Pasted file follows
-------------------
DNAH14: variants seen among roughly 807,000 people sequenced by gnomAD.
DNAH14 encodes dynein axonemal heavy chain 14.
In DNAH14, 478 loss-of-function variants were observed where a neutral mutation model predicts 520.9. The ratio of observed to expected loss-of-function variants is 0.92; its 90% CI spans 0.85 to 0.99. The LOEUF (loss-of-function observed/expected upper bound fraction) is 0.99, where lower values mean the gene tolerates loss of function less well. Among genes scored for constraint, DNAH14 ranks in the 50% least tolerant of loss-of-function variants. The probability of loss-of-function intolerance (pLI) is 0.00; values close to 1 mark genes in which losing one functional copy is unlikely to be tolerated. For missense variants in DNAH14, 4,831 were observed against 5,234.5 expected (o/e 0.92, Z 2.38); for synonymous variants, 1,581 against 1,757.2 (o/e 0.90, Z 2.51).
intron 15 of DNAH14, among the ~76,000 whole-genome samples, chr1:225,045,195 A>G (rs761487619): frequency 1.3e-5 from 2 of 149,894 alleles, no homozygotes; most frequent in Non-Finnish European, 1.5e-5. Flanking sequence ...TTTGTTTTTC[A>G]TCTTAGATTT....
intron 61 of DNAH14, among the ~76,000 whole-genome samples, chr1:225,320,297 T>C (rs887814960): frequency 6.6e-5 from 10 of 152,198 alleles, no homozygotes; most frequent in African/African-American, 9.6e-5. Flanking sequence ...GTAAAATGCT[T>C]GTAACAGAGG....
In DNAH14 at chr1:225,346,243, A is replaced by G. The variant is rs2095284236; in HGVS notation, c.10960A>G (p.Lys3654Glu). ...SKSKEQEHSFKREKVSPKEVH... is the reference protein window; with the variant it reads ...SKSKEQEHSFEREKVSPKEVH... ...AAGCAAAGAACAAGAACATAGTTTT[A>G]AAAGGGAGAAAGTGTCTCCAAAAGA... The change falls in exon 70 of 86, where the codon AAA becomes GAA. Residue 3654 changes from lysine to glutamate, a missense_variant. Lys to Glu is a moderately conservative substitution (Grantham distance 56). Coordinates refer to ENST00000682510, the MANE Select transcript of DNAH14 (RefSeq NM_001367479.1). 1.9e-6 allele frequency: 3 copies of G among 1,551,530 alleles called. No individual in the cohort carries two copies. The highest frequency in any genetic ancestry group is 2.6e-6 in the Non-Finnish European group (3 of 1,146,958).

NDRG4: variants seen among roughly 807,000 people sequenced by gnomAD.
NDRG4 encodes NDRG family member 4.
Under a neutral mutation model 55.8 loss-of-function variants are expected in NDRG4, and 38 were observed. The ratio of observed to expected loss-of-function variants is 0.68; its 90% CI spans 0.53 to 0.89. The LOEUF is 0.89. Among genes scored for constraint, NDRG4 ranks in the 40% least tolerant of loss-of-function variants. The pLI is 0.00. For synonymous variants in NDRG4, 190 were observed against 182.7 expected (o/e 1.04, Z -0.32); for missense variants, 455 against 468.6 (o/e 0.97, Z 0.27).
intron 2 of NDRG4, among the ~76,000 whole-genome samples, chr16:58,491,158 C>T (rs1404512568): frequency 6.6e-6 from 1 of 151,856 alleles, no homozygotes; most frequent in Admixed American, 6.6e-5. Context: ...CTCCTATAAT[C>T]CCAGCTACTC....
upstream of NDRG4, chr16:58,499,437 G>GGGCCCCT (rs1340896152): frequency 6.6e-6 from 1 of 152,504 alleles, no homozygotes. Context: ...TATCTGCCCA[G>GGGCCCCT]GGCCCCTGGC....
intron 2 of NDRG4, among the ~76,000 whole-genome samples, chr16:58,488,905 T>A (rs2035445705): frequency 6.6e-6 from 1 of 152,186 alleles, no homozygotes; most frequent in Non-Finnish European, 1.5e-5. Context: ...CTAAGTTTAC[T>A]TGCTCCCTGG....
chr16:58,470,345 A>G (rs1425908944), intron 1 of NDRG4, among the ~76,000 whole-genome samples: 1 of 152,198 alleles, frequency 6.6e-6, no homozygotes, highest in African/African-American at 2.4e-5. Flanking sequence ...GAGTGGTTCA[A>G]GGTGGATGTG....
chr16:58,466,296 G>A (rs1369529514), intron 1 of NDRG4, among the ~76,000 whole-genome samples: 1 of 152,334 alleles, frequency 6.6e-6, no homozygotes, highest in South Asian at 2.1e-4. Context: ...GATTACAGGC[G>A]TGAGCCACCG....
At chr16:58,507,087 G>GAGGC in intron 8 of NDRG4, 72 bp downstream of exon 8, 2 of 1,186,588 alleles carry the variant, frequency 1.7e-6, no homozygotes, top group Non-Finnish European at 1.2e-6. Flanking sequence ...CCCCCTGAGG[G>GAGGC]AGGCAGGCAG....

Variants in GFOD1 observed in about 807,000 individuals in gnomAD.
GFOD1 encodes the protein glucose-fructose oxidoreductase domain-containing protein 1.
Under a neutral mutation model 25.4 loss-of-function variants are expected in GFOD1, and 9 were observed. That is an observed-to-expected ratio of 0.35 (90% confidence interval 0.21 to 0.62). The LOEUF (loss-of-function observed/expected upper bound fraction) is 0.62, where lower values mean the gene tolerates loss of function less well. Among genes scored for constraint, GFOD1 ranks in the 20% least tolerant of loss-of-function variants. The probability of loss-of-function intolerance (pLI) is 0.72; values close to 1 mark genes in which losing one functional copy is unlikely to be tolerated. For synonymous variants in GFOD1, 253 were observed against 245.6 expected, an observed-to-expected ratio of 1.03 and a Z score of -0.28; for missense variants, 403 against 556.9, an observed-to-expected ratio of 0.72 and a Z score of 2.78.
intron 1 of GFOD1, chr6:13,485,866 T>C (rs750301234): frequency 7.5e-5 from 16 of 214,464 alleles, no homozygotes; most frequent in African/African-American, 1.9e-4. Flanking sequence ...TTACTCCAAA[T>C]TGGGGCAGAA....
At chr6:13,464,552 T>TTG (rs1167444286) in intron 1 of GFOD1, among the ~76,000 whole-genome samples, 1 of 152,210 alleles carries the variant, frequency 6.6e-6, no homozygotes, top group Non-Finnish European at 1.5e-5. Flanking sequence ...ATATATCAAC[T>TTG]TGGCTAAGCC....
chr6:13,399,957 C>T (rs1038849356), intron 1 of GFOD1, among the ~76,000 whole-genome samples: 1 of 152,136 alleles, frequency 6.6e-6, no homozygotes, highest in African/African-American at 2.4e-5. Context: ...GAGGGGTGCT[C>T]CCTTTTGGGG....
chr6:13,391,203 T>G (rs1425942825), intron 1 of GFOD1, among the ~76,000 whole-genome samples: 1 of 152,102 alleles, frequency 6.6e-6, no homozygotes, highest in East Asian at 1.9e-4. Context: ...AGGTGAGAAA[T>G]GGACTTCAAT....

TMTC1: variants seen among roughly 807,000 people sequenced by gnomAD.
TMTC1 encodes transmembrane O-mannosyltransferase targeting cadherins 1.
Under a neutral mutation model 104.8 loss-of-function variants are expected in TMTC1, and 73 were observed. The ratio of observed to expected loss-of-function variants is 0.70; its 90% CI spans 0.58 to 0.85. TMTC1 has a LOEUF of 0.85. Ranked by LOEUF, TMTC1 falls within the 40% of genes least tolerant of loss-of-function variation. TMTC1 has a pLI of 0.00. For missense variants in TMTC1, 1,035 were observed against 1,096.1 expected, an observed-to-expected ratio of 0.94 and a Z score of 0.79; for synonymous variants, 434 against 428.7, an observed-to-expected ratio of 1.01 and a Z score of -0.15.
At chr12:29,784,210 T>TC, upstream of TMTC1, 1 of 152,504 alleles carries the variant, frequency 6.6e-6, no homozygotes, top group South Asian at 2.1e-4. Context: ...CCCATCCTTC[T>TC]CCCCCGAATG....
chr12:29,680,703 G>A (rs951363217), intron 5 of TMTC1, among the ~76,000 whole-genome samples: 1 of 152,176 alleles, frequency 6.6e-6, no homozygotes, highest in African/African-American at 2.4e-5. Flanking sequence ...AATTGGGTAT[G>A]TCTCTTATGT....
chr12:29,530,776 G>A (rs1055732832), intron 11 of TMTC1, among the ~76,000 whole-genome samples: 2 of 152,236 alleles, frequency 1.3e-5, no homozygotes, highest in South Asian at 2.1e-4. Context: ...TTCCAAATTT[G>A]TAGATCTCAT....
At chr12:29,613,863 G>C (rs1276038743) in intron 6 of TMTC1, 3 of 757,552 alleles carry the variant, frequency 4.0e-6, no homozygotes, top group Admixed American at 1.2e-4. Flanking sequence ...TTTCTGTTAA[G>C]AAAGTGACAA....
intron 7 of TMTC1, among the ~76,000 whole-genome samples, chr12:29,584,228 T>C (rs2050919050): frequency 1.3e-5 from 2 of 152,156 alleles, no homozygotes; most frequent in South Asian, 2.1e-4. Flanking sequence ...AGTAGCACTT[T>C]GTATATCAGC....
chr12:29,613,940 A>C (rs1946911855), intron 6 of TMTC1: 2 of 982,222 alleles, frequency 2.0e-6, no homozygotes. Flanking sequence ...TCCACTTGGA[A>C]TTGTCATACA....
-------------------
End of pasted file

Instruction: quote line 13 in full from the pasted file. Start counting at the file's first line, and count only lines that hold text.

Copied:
chr16:58,470,345 A>G (rs1425908944), intron 1 of NDRG4, among the ~76,000 whole-genome samples: 1 of 152,198 alleles, frequency 6.6e-6, no homozygotes, highest in African/African-American at 2.4e-5. Flanking sequence ...GAGTGGTTCA[A>G]GGTGGATGTG....